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Should doping be allowed in sport? Show more Show less

Vast resources are dedicated to detecting and punishing doping among athletes in professional sport. Despite the punishments, many competitors use performance-enhancing drugs anyway. Should doping be allowed in sport? Would it be better to let athletes take what they want? Or should doping be managed and controlled to create a more level playing field, rather than granting unfair advantage?

Yes, doping should be allowed Show more Show less

Doping has been around for centuries. It is impossible to eliminate. Resources would be better spent working out how to keep athletes safe while doping, rather than trying to find dopers.
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Doping has always been a part of sport

Doping has been around for centuries. Athletes have used it to improve their performance for years. Since it is present in much of sports history, we should not limit it.
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Context

Doping in sport has been taking place since the third Olympiad in 1904. The marathon runner, Thomas Hicks received a shot of strychnine midway through the race. He went on to win the gold medal.

The Argument

Performance-enhancing drugs have always been a part of sport. Attempting to ban doping isn’t a way of taking sport back to a golden era, but is an attempt to forge a new path for competitive sport.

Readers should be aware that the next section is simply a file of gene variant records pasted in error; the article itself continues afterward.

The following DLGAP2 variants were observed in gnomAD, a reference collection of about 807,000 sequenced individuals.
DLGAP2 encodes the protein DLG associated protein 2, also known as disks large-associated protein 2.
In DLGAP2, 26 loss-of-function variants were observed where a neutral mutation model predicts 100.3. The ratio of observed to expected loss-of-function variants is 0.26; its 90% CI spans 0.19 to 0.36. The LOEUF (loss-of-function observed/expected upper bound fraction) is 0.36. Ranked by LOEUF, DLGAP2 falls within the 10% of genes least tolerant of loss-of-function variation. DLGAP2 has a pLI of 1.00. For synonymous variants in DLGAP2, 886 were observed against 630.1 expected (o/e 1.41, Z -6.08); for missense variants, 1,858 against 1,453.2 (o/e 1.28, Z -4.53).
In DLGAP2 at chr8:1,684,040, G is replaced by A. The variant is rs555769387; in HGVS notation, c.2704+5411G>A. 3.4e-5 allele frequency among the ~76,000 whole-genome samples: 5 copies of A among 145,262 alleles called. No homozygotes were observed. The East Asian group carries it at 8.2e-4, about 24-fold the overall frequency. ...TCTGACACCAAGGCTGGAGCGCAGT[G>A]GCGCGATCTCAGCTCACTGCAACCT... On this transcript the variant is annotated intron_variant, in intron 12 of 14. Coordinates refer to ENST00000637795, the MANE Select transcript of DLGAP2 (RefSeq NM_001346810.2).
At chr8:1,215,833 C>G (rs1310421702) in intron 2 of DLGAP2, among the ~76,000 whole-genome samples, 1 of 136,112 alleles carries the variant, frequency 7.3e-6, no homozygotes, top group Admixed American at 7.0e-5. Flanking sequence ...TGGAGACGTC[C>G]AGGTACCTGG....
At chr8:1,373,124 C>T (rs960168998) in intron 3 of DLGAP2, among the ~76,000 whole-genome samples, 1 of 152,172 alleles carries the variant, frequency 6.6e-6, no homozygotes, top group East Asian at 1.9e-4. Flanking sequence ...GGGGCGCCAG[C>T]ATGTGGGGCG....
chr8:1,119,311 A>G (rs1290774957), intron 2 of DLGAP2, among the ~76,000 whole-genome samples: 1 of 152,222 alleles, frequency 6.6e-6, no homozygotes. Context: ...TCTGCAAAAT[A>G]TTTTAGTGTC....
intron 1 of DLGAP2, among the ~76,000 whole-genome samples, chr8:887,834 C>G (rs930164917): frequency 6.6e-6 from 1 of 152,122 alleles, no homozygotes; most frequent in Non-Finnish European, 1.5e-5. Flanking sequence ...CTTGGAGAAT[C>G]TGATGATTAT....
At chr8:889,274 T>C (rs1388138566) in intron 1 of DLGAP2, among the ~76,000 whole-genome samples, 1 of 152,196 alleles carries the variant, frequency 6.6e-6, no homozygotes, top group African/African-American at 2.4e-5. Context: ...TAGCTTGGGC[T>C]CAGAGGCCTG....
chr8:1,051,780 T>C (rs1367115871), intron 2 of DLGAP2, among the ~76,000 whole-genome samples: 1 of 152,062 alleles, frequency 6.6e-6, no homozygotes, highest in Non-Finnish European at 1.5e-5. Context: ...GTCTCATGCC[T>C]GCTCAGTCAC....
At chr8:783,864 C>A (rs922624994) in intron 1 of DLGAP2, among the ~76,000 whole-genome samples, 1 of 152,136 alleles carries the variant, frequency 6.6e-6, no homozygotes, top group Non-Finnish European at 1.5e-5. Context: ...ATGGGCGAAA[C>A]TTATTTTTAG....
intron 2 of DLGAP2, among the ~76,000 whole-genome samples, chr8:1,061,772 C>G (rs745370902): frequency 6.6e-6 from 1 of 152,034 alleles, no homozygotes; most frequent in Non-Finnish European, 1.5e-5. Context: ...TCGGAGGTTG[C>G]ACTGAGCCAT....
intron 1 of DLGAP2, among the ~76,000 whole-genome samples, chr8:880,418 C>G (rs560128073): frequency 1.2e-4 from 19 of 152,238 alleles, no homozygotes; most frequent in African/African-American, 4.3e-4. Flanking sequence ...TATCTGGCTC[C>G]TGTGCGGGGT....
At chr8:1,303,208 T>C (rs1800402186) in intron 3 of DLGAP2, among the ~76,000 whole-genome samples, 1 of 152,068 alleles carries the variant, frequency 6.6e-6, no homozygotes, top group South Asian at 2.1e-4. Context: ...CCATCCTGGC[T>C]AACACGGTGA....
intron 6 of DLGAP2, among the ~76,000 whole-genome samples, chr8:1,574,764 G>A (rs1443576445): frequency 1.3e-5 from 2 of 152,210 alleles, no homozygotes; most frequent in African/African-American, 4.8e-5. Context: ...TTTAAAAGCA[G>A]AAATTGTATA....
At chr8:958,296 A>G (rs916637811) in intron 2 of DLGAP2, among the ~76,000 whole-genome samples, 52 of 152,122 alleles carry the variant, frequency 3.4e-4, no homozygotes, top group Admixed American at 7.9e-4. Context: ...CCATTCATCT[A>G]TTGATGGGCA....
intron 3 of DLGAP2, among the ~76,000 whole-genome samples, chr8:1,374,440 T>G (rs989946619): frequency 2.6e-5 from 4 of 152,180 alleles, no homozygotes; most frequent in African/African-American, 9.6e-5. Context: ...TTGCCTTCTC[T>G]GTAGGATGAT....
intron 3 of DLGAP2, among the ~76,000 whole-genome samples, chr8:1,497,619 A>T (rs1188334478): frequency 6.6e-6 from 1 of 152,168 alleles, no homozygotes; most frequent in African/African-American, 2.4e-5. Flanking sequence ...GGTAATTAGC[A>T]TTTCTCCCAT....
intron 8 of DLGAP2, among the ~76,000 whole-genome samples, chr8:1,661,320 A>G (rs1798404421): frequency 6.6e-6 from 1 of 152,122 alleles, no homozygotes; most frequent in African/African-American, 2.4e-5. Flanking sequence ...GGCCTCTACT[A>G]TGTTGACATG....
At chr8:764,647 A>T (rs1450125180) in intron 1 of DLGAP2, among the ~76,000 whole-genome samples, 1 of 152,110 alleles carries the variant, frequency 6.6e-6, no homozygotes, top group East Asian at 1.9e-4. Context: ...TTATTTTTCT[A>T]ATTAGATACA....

Counter arguments

The performance-enhancing drugs of today are far more potent than they were in Thomas Hicks’ heyday. The increased potency leads to worse side effects and puts athletes at higher risk of adverse health effects. This means that while sport is (arguably) not be broken now, it very soon will be when doping means to become a professional athlete is to trade your long-term health for sporting success. This risk is heightened in contact sports, where even athletes that aren’t doping face bigger, stronger, and tougher opponents, making collisions more intense and increasing the likelihood of serious injury. In these instances, the presence of performance-enhancing drugs in sport is making everyone less safe.

Framing

If doping has always been a part of competitive sport, and it has still effectively served its primary function (to entertain), then it doesn’t make sense to change a critical component.

Premises

[P1] Doping has always been a part of sport. [P2] It has not made it any less exciting or entertaining. [P3] If it isn't broken, it doesn't need fixing.

Rejecting the premises

[Rejecting P3] Sport may already be broken, but if it isn't now, it soon will be.

Proponents

Further Reading

References

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    This page was last edited on Monday, 13 Jul 2020 at 01:24 UTC